Rest In Peace, James “Superharp” Cotton, and Chuck Berry.
We lost another great founding bluesman last Thursday, James “Superharp” Cotton at the age of 81. He recorded with many of the great Sun, Chess, and Stax bluesmen as well as loads of solo work. Rest in peace, James Cotton.
Here is one from the early days at Sun, circa 1954. Catalog number 206. Many think that this is one of the first examples of hard-rock guitar.
One of the greatest blues harps of all time.
Continue reading On Superharp and a Duck-walk
Fifty years ago today, I was 7 1/2 years old, I didn’t give the Beatles invasion much thought. I wasn’t really into music much at all, but I remember liking the Tokens cover of The Lion Sleeps Tonight, and Neal Sedaka’s Breaking Up Is Hard to Do.
This was cutting edge rock and roll at the time. Gramps had fun making fun of the Beatle’s haircuts, and the lyrical stylings of “yeah, yeah, yeah”
I didn’t pay much attention to all of the Beatle-mania surrounding us until years letter when I heard “Paperback Writer” and didn’t know who did it.
It was fifty years ago today
Sgt. Pepper taught the band to play
They’ve been going in and out of style
But they’re guaranteed to raise a smile
So may I introduce to you
The act you’ve known for all these years
Sgt. Pepper’s Lonely Hearts Club Band
Fifty years ago today, the Beatles landed in New York and launched the British Invasion.
We needed invading. A little background:
Elvis was drafted for service in the armed forces in 1958. In 1959, rock&roll died.
In 1964, rock and roll was nearly dead. The pop scene featured some doo-wop and girl-groups, but mostly a lot of “folk”, since the music industry decided that’s what the kids liked, and they pushed tunes like “Puff, the Magic Dragon” images of the Opium Wars be damned.
The Beatles held five out of the top five spots in Billboard’s Hot 100.
Continue reading RichTAkes! on the Beatles, 50 Years Ago Today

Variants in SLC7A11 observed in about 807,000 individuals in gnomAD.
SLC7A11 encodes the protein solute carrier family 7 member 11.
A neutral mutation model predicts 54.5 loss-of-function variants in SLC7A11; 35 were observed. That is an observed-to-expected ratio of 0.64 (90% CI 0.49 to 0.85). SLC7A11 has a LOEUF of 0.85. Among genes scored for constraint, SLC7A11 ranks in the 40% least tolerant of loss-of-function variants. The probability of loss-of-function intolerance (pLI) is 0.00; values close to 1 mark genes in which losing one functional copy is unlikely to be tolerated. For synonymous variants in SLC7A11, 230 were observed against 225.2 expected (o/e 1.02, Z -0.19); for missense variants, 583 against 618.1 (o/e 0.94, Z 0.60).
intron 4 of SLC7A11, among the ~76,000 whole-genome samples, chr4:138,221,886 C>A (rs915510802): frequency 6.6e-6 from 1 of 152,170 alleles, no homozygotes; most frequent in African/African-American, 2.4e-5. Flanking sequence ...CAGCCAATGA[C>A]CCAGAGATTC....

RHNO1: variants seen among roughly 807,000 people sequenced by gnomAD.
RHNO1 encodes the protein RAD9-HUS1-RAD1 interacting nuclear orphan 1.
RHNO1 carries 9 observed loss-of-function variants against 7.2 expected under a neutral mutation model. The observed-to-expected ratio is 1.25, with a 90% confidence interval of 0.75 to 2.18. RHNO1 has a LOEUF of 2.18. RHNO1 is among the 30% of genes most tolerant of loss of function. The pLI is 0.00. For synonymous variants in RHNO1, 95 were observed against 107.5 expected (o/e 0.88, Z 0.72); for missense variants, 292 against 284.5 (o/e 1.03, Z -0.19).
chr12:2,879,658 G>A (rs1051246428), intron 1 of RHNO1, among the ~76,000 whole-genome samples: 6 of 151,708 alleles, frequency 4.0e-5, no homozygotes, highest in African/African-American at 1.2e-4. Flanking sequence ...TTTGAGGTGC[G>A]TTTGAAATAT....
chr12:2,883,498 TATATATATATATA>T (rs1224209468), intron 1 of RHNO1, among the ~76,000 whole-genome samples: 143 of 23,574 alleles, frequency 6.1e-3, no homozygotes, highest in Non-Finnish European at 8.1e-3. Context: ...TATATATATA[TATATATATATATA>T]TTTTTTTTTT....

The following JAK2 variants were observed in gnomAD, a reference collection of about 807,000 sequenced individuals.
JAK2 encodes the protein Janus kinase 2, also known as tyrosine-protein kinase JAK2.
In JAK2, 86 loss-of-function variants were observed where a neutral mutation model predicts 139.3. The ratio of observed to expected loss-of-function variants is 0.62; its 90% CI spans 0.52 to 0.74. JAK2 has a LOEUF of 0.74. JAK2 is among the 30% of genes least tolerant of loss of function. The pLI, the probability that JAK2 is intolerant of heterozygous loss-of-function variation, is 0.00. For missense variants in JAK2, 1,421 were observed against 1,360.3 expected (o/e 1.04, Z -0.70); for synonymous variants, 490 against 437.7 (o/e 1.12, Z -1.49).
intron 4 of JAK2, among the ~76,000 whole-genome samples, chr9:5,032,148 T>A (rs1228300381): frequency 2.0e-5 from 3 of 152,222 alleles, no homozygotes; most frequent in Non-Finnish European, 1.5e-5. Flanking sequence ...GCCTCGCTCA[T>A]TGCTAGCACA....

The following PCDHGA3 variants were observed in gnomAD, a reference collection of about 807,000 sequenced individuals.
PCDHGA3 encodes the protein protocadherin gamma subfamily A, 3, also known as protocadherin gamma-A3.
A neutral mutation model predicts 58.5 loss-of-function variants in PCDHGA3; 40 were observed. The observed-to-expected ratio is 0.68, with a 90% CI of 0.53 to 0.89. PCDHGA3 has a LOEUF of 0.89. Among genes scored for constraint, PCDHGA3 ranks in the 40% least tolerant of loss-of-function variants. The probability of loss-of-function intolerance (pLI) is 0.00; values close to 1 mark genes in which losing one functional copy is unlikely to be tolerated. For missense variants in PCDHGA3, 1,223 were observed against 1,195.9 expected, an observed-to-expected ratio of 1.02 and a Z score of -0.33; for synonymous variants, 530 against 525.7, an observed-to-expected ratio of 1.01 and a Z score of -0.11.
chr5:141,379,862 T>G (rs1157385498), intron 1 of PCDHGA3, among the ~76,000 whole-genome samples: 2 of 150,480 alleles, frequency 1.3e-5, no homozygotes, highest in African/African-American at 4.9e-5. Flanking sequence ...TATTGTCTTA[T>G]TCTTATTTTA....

It’s the Denver Colorado Broncos Vs The (Washington) Seattle Seahawks.
Here is the Song of the Day, or the week maybe.
I’m betting on Peyton,
Here is The Voters official video, “Blame It On Bush”
from the album “Electile Dysfunction”
This is the Song Of The Day!
The Government Services Agency
began in 1949 under Harry Truman, acting on the report of the Hoover Commission, which former President Hubert Hoover headed. It’s purpose was to to stream-line and reduce costs for federal building maintenance, leases, transportation (including the Federal motor pool) and other mundane yet neccesary purchases which keeps our government functioning daily. Overall I’d say that they have performed their duties reasonably well over the last 60 years or so. I can’t say that for their performance over the last decade or two.
Recently the Western Region Public Buildings Services divsion (PBS) of the GSA held a “Training” conference in Las Vegas, and ran up around $832,000 worth of spending in three days. We the People spent this money on mind-readers, clowns, and $44.00 per person breakfasts. I’m pretty sure I can get a prime rib dinner for $45.00 per person. Four dollar per shrimp shrimp cocktails, too. They also held a music video contest, a portion of the winning video is shown here:
Continue reading The GSA: Government Services Agency
Edited, Produced and created by my dear friend, BonnieBeeGood:
The first rock and roll song is widely attributed to Jackie Brenston and his Delta Cats, which was actually Ike Turner and the Kings of Rhythm. It was recorded in Memphis by Sam Phillips in March 1951 and was released (strangely?) by Chess Records. (perhaps Phillips hadn’t started Sun Records yet)
About three months later, Rocket 88 was covered by Bill Haley and the Saddlemen. Both versions have been cited as the first rock and roll recording.
Here is Jackie Brenston and his Delta Cats: Rocket 88
Bill Haley and the Saddlemen’s version follows.
Continue reading The first rock and roll song
One of my favorite Neil Young tunes.